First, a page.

PHYLOGENETIC RELATIONSHIPS AMONG MEXICAN POPULATIONS OF NACOBBUS ABERRANS (NEMATODA, PRATYLENCHIDAE) REVEAL THE EXISTENCE OF CRYPTIC (COMPLEX) SPECIES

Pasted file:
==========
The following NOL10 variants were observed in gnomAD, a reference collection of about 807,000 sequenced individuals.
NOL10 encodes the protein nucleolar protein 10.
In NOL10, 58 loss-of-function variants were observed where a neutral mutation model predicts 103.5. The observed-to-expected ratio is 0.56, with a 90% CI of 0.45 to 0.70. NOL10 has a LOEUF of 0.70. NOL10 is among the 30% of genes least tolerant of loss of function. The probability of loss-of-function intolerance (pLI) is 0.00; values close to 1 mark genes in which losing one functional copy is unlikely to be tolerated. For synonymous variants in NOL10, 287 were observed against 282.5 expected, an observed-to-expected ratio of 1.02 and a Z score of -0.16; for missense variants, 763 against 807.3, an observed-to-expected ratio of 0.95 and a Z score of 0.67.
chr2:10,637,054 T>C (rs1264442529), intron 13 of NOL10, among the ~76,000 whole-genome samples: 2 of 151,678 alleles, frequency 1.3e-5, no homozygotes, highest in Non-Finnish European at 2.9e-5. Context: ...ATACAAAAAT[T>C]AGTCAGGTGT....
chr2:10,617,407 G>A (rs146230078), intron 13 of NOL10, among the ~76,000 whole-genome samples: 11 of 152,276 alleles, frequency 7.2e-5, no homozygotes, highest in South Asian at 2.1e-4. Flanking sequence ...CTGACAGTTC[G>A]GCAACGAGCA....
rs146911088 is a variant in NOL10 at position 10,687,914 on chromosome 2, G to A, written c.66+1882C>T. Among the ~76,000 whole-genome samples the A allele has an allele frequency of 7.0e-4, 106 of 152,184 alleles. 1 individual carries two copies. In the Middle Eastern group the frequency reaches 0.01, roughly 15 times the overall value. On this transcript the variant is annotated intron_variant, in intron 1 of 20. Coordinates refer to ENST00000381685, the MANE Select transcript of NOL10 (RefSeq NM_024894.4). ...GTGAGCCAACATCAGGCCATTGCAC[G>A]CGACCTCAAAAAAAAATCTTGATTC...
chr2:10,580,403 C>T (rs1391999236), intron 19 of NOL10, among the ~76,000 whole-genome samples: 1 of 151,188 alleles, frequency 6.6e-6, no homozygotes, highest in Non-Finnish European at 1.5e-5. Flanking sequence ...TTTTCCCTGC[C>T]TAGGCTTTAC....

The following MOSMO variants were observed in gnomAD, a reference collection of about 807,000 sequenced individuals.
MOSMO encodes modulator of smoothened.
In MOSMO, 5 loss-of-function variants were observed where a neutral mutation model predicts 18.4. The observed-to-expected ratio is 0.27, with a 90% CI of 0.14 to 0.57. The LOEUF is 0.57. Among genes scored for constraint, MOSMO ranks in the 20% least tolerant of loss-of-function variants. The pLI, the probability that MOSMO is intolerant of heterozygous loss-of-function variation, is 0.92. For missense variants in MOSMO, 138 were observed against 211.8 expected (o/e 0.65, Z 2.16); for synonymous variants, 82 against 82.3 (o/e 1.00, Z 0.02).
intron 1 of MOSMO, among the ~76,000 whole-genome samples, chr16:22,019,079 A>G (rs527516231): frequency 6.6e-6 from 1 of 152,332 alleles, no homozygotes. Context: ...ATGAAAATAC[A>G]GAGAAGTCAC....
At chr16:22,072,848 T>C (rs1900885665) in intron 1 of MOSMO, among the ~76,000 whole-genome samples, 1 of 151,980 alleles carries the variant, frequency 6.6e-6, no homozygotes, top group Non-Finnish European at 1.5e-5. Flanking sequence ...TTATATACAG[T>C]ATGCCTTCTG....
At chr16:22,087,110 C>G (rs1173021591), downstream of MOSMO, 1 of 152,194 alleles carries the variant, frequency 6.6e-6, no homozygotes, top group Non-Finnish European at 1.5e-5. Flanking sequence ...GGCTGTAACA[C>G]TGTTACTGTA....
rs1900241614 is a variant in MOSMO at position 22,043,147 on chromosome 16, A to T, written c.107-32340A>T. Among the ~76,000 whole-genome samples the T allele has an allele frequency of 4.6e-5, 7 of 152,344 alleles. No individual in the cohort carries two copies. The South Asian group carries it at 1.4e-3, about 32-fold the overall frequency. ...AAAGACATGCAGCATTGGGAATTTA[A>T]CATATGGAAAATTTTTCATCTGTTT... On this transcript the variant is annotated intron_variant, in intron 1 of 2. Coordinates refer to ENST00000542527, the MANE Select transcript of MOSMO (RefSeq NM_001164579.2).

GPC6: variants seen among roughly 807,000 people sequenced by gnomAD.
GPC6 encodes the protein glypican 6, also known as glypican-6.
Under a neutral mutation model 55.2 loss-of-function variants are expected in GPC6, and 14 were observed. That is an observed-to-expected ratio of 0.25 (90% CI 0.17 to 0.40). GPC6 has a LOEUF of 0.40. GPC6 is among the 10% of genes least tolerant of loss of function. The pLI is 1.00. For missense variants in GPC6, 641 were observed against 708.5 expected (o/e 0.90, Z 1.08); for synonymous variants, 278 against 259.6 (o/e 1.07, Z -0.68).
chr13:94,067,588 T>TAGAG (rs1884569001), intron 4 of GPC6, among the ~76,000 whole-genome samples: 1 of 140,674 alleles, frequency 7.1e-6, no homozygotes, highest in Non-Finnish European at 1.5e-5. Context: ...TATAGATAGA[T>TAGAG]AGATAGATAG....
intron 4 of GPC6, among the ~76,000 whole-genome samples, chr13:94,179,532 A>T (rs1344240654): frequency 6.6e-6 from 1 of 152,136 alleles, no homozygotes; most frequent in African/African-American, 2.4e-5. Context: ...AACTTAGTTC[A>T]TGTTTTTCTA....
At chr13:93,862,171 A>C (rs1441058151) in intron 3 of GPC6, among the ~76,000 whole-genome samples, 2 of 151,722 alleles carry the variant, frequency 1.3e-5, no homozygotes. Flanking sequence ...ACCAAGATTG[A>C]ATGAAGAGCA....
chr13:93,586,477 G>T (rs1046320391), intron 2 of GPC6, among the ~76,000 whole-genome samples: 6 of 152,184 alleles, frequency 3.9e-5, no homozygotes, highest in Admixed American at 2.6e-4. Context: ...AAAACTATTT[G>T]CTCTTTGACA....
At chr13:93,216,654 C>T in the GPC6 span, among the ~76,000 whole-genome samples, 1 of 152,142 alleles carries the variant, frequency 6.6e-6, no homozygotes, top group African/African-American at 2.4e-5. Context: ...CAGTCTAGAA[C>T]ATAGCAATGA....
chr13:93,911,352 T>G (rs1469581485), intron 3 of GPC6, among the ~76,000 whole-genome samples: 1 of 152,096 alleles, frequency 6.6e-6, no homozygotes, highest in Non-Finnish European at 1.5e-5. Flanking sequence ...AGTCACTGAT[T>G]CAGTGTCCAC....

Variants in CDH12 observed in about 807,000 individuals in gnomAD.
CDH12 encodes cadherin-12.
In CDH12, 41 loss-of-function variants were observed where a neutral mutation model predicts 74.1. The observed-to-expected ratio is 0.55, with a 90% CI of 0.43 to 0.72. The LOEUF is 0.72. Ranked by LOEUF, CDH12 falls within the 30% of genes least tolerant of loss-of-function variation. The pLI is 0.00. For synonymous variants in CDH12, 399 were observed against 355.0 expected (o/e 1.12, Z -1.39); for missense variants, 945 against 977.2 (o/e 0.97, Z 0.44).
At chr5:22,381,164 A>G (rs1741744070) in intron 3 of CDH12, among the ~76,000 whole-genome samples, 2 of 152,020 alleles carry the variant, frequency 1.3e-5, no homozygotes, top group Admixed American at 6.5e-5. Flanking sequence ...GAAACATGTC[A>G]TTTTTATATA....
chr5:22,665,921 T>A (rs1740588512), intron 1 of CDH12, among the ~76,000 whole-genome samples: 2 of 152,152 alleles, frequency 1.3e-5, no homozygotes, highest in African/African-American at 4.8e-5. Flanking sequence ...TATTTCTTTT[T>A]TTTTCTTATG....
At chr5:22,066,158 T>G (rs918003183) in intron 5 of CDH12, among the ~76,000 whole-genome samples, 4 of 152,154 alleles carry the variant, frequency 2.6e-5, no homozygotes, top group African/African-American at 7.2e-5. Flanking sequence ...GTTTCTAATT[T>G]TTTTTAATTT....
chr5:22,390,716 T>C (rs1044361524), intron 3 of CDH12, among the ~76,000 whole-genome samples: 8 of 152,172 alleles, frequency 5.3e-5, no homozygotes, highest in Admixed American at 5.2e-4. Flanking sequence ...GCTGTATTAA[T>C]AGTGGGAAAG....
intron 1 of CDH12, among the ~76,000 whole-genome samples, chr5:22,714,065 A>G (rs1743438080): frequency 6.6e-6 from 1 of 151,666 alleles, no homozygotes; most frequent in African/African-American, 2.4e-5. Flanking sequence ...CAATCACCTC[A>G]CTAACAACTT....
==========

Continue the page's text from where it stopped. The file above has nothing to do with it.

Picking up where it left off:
The plant-parasitic nematode Nacobbus aberrans is an agricultural pest of quarantine importance. The taxonomic status of the nematode has been the subject of controversy due to wide degree of variation exhibited by the species. This variability has led to the suggestion that N. aberrans is actually a species complex rather than a single species. Nevertheless, all previous studies revealed a limited genetic variability in Mexican populations. The objective of this study was to analyze, for the first time, the Cytochrome c Oxidase Subunit 1 (COI) gene to investigate its variability in 15 Mexican populations of N. aberrans and to analyze the phylogenetic relationships of N. aberrans with other plant-parasitic nematodes. COI sequences revealed significant intraspecific variation, and the phylogenetic inference showed the formation of two separate groups with different levels of intragroup variability. These results indicate the possibility of the existence of more than one group of N. aberrans species in Mexico. COI phylogenetic analyses of N. aberrans with related plant-parasitic nematodes confirms its proximity to both cyst and root-knot nematodes.